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I had no idea there was such a ritual to ordering coffee in Italy. Sure, it’s the best I’ve ever had but this has been an education to me. I’ll not be ordering a latte after breakfast again, thats for sure! There’s usually more than enough reason for the locals to laugh at me when I’m abroad!! 🙂 Thanks for sharing this on #MondayEscapes
It’s intense right? I really need a latte around 4pm and nothing’s gonna stop me from getting it…even Italian coffee culture. ? Anyway I think Italians are used to us hopeless tourists and just shake their heads in pity whenever we do it all wrong. ???
Love this, great post! I live in Padova near Venice and I may or may not have chuckled quite a few times at how typical and alike all Italians are. Who knew ordering a coffee could be so difficult!?
Ahh Padova is a lovely city! My sisters-in-law actually live there, so I’ve visited quite a few times. But yeah…Italian culture is STRONG. 😉 My hubby still follows the rules of Italian coffee culture despite not having lived there for 15 years!
Oh wow what a small world! Padova is such a beautiful city, but I mean is there an Italian city that isn’t? Very STRONG! Almost too strong sometimes, I think in terms of trying new things and so on. Haha well a person’s coffee is pretty serious business 😉
These are some great tips, especially for a coffee lover who plans to visit Italy very soon. Thanks for sharing.
Lucky you!! Enjoy all the wonderful caffes of Italy! 🙂
Brilliant post! This post has got me craving for a beautiful cup of coffee. One splendid cup of coffee makes for the best memories on any trip!
Coffee is an essential part of every trip if you ask me. AND it can even make me leave a country early. I NEED good coffee! Haha. 😉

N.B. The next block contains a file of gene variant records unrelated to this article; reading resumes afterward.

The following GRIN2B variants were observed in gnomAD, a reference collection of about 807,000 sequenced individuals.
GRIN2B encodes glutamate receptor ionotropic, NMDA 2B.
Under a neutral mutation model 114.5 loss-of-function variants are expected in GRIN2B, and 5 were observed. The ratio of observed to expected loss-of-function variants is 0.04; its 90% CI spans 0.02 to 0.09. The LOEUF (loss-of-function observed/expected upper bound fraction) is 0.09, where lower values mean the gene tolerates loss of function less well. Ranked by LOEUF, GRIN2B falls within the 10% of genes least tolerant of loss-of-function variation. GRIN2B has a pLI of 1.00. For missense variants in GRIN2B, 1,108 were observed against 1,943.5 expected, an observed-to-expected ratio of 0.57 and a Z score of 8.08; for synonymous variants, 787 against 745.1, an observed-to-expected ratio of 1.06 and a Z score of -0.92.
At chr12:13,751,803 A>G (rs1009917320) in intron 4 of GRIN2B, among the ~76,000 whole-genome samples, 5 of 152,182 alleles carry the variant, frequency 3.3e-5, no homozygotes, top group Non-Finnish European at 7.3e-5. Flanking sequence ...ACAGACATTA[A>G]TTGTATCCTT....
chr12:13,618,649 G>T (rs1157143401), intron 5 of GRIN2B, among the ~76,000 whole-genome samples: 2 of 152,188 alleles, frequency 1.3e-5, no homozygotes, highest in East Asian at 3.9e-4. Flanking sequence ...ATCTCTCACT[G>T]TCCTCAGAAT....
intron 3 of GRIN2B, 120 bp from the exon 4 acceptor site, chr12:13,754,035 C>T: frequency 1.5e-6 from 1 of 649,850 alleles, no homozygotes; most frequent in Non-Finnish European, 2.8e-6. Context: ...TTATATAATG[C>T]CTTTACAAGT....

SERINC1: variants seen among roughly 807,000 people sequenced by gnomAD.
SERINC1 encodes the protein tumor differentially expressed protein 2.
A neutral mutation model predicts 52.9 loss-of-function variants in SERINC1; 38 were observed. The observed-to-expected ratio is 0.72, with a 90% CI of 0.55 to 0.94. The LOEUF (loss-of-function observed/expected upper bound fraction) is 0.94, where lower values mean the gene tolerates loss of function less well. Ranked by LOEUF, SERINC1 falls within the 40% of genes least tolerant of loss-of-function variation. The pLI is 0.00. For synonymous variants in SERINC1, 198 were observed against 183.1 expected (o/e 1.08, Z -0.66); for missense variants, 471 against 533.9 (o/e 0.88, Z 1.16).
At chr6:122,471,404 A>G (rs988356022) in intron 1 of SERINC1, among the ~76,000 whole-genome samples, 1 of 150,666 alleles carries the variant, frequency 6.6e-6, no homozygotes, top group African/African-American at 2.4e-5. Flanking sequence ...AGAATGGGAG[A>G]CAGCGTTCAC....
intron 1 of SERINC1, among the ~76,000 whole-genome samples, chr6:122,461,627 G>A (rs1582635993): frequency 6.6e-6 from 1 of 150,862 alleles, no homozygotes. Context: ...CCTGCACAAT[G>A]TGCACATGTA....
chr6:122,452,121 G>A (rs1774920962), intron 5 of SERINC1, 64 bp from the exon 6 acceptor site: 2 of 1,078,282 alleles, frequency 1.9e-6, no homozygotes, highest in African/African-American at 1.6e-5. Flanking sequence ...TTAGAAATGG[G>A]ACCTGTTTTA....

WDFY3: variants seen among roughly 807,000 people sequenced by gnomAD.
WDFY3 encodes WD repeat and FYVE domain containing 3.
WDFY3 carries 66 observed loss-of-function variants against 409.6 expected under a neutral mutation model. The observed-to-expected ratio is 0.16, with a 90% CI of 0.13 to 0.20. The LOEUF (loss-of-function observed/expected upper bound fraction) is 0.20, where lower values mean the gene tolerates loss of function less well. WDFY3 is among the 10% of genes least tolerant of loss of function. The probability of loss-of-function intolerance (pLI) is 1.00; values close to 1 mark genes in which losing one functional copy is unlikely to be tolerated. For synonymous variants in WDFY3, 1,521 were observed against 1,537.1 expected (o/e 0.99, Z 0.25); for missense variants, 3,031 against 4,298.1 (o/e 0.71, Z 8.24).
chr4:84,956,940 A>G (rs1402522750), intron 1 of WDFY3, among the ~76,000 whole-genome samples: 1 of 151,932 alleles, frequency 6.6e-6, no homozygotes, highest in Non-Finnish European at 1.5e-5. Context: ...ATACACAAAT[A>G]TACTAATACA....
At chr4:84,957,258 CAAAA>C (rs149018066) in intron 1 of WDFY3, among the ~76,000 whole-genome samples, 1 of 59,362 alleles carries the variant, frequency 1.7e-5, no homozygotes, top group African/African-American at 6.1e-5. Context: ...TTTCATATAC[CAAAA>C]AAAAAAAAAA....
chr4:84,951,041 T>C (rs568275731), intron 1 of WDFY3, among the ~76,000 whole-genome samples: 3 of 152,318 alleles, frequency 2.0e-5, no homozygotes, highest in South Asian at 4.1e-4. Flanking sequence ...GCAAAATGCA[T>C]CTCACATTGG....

. I confess that despite my multiple trips to Italy (I conceive around 7 or 8 now), I’m unable(p) to watch my ain tips.
I’m with ya, all the way… 🙂
Ha! Fantastic post! But I will admit, I’m kind of glad I read it AFTER I went to Rome last year. I think I would have been intimidated. We just went for it and embarrassed our teens – which is pretty much par for the course. I probably ordered a cappuccino after breakfast, but it was delicious and we didn’t dawdle! Thanks for linking up with #FarawayFiles, Erin
I’m still totally intimidated to order coffee in Italy. I really wonder how introverted people survive in that culture, because everyone just seems so socially graceful (which I most definitely AM NOT). It’s probably better to go and order coffee there without knowing a thing! I was shocked by all the “rules” and couldn’t believe it was so strange to order a latte after lunch! 🙁 PS: Thanks for the link love. <3
I’m overwhelmed! I love coffee and have to have it, but I’m afraid I’d still be intimidated here!
Oooh, I’m still totally intimidated to order coffee there, and so happy that I have extroverted Agri to do it for me! 🙂
My favourite tip is no milky coffees after breakfast – logically it makes quite a lot of sense to me. We’ve just come back from Italy with my parents in tow who just will not function with their after dinner latte. It’s hilarious to watch the Italians react to those requests. Thanks for sharing on #FarawayFiles
It makes sense and doesn’t make sense to me…cuz Italians eat gelato pretty much all day long, and especially after dinner. I’m pretty sure gelato is full of um milk. Hahahaha. I swear it’s some kind of logic from a nonna that got passed down and is now considered reality. 😉
Well done to Agri, cappuccino or macchiato shouldn’t be drunk after 10 AM (I’m told is 11 in the south but I’m from the Alps so my knowledge is a bit sketchy about it)!
The only drinks in my region (Piemonte, but it also applies to Val d’Aosta) that are drunk sitting are caffé corretto (with grappa) or, if you’re a pro, a “bianchino” – a glass of white wine…
Thanks for the post!
Only caffe corretto or bianchino sitting down??!!! You guys are hardcore up there. ? I must be quite the softie sitting down to drink all manner of caffe… especially lattes at 4 in the afternoon. ?
Also, a latte literally just means milk so if you order a latte you will get a glass of milk.
Italians are very into digestion and believe that if you consume milk after a certain time it is bad for digestion, thus the rule that one NEVER orders a cappuccino after 11:30 a.m.
Once, however, at lunch with a group of international ladies, I decided that Italian rules be damned and I ordered a cappuccino at 2:00 in the afternoon. My German friend noticed and eyes wide said, “I will have one too.” Then my English friends, my Spanish friend and my French friend all ordered the same thing. The waiter sighed, shook his head and muttered, “stranieri” but he brought us our coffees and all were happy.